Productivity gains will become the life blood of service industries in the next millennium. Gold medalist companies will distance themselves from silver and bronze medalist contenders by creating business environments that foster diversity and accelerated collaboration.  Business leaders hungry to find ways to spark their human capital to achieve results that extend beyond their individual abilities need only turn to the Animal Planet. 

True collaboration for the sake of adaptation allows any firm to navigate perilous markets, create knowledge networks that optimize resource sharing, and multiply its senses to understand what is required to fuel growth and survive in a digital age. 

The best leadership will spend less time reading books on management theory and dedicate more time to examining how the distribution of water and resources is allocated among a forest in a drought. Symbiotic collaboration and biodiversity teach us that successful adaptation is not just about survival of the fittest but also about selflessness and the subordination of the individual ego for the collective benefit of the species.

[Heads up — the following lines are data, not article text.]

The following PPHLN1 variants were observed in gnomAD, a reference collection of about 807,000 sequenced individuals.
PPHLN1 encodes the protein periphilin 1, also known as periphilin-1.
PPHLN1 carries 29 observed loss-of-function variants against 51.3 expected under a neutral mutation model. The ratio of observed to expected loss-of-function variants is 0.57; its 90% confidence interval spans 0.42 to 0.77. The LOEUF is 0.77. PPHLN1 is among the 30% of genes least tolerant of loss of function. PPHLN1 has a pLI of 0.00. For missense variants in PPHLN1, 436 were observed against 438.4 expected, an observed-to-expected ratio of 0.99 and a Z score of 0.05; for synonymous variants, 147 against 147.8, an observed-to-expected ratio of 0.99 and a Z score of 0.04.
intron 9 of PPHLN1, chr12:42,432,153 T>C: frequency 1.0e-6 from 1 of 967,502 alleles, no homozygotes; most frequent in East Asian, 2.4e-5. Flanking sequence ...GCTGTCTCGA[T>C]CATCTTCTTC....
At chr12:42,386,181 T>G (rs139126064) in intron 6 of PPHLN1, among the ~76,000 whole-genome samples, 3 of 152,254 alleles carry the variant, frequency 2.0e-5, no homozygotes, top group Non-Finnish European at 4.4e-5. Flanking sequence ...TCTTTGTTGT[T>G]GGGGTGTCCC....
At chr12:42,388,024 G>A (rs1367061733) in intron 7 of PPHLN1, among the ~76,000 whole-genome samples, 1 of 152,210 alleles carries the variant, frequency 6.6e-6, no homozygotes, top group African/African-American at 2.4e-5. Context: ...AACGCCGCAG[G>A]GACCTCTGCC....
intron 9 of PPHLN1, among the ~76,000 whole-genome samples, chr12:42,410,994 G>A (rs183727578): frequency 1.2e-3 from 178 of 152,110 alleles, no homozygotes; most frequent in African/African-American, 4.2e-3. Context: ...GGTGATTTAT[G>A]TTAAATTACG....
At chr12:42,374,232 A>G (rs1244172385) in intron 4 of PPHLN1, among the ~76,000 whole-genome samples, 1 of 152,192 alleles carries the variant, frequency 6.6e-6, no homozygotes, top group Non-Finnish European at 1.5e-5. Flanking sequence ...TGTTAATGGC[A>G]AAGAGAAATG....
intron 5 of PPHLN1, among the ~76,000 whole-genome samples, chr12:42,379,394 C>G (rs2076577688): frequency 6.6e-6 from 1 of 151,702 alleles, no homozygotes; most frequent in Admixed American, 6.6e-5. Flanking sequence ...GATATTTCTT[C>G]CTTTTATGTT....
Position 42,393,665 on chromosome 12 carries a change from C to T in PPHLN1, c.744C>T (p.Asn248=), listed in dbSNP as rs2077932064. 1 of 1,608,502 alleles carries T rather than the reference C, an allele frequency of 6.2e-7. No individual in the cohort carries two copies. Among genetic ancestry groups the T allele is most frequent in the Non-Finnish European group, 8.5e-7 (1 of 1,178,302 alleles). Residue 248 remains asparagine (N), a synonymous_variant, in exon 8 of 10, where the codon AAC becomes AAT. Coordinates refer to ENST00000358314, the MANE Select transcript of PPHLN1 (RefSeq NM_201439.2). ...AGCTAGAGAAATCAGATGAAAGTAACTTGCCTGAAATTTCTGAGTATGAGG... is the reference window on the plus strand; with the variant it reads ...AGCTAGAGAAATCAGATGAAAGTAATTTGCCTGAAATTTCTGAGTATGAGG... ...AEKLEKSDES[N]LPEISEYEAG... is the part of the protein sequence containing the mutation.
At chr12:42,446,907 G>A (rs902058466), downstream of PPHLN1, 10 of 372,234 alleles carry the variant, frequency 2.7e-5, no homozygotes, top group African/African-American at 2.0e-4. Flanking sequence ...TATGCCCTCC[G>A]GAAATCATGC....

In the end, Marlin Perkins and Mutual of Omaha’s Wild Kingdom were the best teachers.  We learned time and again that those communities that support an ethos of common interest and the need to perpetually adapt do not just survive, they thrive.

4 thoughts on “Everything We Need To Know, We Learned on Wild Kingdom

  1. sgoltz May 13, 2012 / 11:03 pm

    Great, strong correlation. Magnificent leadership as always. Corporate can learn a lot from you!

  2. Andy Haskell May 19, 2012 / 10:01 am

    Good stuff Mike, as always. Look forward to reading your book